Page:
By this stage it was 3:30, and we were beginning to flag. We headed in the direction of the exit, passing the koala exhibits as we went. I did try to explain to some American woman who kept calling them "koala bears" that they were not bears, just koalas. I think she thought I was mad. She probably voted for Trump anyway.
We headed out the exit, and got to the bus stop, where we had to wait a quarter of an hour for the next bus. But we both had weary feet, so sitting down and waiting was good.
We walked back along India Street to Little India, and tried to get into Ironsides. But they were already full, so we added our names to a waitlist, and they promised to text us when a table was ready. So we cheekily crossed the street to another restaurant, called Davani's, where we had a beer each to while away the time, and a little snack of "Roman Artichokes", which were most scrummy. That diversion was enough, because just as we had finished and were about to go back to the hotel to wait, the text message came, so we returned to the Ironsides, sat at our table, and ordered two Gruner Veltliners and the Bigger dish of seafood!
Do you remember the Big dish from Wednesday night? The Bigger had 12 oysters, 8 prawns, and half a lobster as well, so we really felt pigged out (or is that PBiggered out?) by the end. No ice cream tonight, for two reasons. The first is pretty obvious, the second is that the queue for ice creams went round the corner, so we just staggered back to our hotel and retired, ready for embarkation on the morrow.
The first order of the day was packing, and we managed to get all that done by 0830 or so, in time to get to Frost Me by 0845. Usual fare: John had Salmon Bagel with Lox, Barb a California Bagel, and the usual excellent coffee (2 cups each!). Then back to the hotel to check out, and we walked along Columbia St, down Cedar St, along the West Harbour Drive to the B Street Pier, where the Noordam was docked. I tell you all this, because I thought I had the tracker on and it would show the route, but somehow or other I stuffed that up, and it wasn't until we had lined up to embark that I discovered the tracker was not on. Bah!
We were of course, very early, so we sat in a nearby park, and were shortly joined by a Canadian couple who were also booked on the Noordam. We got chatting, and swapped stories about how Covid had affected our lives and particularly, our cruising lives. We had time for a beer, even though the sun had not helped by being slow to get over the yard arm.
The embarkation process was a complete schemozzle. Although we lined up at the gate at the appointed hour of 1150, it was clear that the gate staff had no idea what it was that they were supposed to be doing. They held us back, while allowing people who said that they just wanted to check baggage in to go straight through. Of course, they never came back, and just went through the boarding process that we were supposed to be doing. Eventually a woman (who was not wearing a "Grumpy Old Woman" T-shirt) came up and organized a protest. It was clear that most of the people in the line did not know what was going on either, because once the official whom this woman coralled asked "who is here for the 1150 boarding?", only a half dozen or so people put up their hands!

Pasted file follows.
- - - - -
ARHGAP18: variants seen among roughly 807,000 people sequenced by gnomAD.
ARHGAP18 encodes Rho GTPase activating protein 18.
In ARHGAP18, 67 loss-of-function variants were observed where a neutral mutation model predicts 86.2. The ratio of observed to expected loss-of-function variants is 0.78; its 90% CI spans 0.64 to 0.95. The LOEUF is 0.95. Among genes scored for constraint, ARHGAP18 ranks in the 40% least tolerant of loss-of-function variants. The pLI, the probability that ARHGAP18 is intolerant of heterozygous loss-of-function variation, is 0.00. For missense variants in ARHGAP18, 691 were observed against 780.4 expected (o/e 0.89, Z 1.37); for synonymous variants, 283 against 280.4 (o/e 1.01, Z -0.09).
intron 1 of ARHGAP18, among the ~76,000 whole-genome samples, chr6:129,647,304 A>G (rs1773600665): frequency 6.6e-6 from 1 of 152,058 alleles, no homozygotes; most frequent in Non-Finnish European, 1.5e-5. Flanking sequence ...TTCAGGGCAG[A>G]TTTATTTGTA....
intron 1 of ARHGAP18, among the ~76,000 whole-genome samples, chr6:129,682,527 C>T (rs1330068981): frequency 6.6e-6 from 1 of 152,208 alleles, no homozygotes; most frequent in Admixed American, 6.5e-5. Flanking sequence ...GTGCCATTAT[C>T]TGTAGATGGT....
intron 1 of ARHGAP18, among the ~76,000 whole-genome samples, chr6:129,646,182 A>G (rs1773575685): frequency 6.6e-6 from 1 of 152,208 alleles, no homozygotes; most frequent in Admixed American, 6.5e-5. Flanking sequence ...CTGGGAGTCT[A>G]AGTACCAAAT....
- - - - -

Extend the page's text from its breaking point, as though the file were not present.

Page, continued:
So we belatedly got into the actual boarding queue, and went through the health queue (show us your vaccination papers), the boarding queue (show us your boarding pass), the security queue (show us your laptops) and the pat down queue (show us your armpits). We actually skipped the visa queue (show us your Australian visa) and were about to disappear up the ganplank when a woman grabbed John (figuratively, I hasten to add) and asked "Did you leave a camera bag at the security scan?" "Yipes" I said, (or words to that effect), and raced back, doging various security people who tried to rugby tackle me to the ground, and got to the X-ray counter, where a very kindly gentleman handed me the camera, and said "I believe this is yours". Phew! Did I feel like I had just used up a Get Out Of Jail Free card (or two. or three). Back through the line of rugby tacklers, and rejoined Barb to climb the escalators for boarding.
Perhaps the other queues did not hold any more terrors, or maybe John was so relieved that he just said "yes" to everything, but we had to run the gauntlet of cameras (show us your vacation side, show us your Holland America side) and an embarkation queue (show us your boarding pass - again). Finally! We were on the ship.
Oh. I forgot. There was one queue we missed out on. Remember me saying that there were all these people claiming to want to check in baggage? Well, we were never asked if we wanted to check in baggage. When we got to the security queue, we asked someone if we had to put our suitcase through the X-ray machine, which is something one would never do at an airport. "You should have checked that in earlier" was the reply. I think I got a bit snarky at that point, and I made it quite clear to the woman that we were never afforded that luxury. "So you'll just have to take it on board yourself" was the rather lame reply, whereupon I pointed out that it was not me who should apologise, but Holland America. She did have the grace to offer a John Howard style apology ("I'll do it if you insist, but I'm not really that sincere".)
The upshot was that we sank our principles, and wheeled the suitcase into a lift. Our principle is not to use any lifts while on board, but to always take the stairs. I reconciled this by arguing to myself that it would have gone up in the lift if it had been checked in properly, so no extra (carbon) emissions were created.